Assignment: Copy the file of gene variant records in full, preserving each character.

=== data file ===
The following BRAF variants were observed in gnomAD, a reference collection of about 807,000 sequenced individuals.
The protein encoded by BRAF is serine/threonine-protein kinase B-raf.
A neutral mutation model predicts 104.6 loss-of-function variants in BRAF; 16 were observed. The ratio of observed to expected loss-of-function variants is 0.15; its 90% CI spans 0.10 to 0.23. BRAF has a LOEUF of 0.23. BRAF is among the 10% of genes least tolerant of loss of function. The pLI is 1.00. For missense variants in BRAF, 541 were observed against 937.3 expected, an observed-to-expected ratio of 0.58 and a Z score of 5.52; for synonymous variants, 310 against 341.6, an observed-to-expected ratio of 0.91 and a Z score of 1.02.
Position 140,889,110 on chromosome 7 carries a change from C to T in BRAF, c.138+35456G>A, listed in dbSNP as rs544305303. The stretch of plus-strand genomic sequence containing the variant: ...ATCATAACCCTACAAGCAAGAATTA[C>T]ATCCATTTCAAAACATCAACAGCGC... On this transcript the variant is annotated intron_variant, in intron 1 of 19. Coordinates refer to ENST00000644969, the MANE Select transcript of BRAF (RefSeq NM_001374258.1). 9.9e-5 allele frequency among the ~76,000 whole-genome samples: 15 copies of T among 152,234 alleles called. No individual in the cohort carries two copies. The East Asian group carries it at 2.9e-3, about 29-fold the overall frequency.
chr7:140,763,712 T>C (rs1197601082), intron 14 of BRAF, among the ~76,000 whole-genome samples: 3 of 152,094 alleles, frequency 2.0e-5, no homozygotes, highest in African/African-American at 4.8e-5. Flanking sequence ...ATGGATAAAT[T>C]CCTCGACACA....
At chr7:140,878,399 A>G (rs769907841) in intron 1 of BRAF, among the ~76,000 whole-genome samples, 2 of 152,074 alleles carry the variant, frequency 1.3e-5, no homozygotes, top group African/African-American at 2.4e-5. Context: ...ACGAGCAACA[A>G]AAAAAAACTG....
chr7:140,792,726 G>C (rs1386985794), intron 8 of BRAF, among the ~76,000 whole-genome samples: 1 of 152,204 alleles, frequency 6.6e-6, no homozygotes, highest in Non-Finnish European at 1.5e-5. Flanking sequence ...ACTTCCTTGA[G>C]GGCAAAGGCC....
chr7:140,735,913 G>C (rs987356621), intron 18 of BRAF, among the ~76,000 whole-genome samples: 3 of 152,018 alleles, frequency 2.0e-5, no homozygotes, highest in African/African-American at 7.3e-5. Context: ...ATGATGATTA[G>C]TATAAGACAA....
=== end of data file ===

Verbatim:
The following BRAF variants were observed in gnomAD, a reference collection of about 807,000 sequenced individuals.
The protein encoded by BRAF is serine/threonine-protein kinase B-raf.
A neutral mutation model predicts 104.6 loss-of-function variants in BRAF; 16 were observed. The ratio of observed to expected loss-of-function variants is 0.15; its 90% CI spans 0.10 to 0.23. BRAF has a LOEUF of 0.23. BRAF is among the 10% of genes least tolerant of loss of function. The pLI is 1.00. For missense variants in BRAF, 541 were observed against 937.3 expected, an observed-to-expected ratio of 0.58 and a Z score of 5.52; for synonymous variants, 310 against 341.6, an observed-to-expected ratio of 0.91 and a Z score of 1.02.
Position 140,889,110 on chromosome 7 carries a change from C to T in BRAF, c.138+35456G>A, listed in dbSNP as rs544305303. The stretch of plus-strand genomic sequence containing the variant: ...ATCATAACCCTACAAGCAAGAATTA[C>T]ATCCATTTCAAAACATCAACAGCGC... On this transcript the variant is annotated intron_variant, in intron 1 of 19. Coordinates refer to ENST00000644969, the MANE Select transcript of BRAF (RefSeq NM_001374258.1). 9.9e-5 allele frequency among the ~76,000 whole-genome samples: 15 copies of T among 152,234 alleles called. No individual in the cohort carries two copies. The East Asian group carries it at 2.9e-3, about 29-fold the overall frequency.
chr7:140,763,712 T>C (rs1197601082), intron 14 of BRAF, among the ~76,000 whole-genome samples: 3 of 152,094 alleles, frequency 2.0e-5, no homozygotes, highest in African/African-American at 4.8e-5. Flanking sequence ...ATGGATAAAT[T>C]CCTCGACACA....
At chr7:140,878,399 A>G (rs769907841) in intron 1 of BRAF, among the ~76,000 whole-genome samples, 2 of 152,074 alleles carry the variant, frequency 1.3e-5, no homozygotes, top group African/African-American at 2.4e-5. Context: ...ACGAGCAACA[A>G]AAAAAAACTG....
chr7:140,792,726 G>C (rs1386985794), intron 8 of BRAF, among the ~76,000 whole-genome samples: 1 of 152,204 alleles, frequency 6.6e-6, no homozygotes, highest in Non-Finnish European at 1.5e-5. Flanking sequence ...ACTTCCTTGA[G>C]GGCAAAGGCC....
chr7:140,735,913 G>C (rs987356621), intron 18 of BRAF, among the ~76,000 whole-genome samples: 3 of 152,018 alleles, frequency 2.0e-5, no homozygotes, highest in African/African-American at 7.3e-5. Context: ...ATGATGATTA[G>C]TATAAGACAA....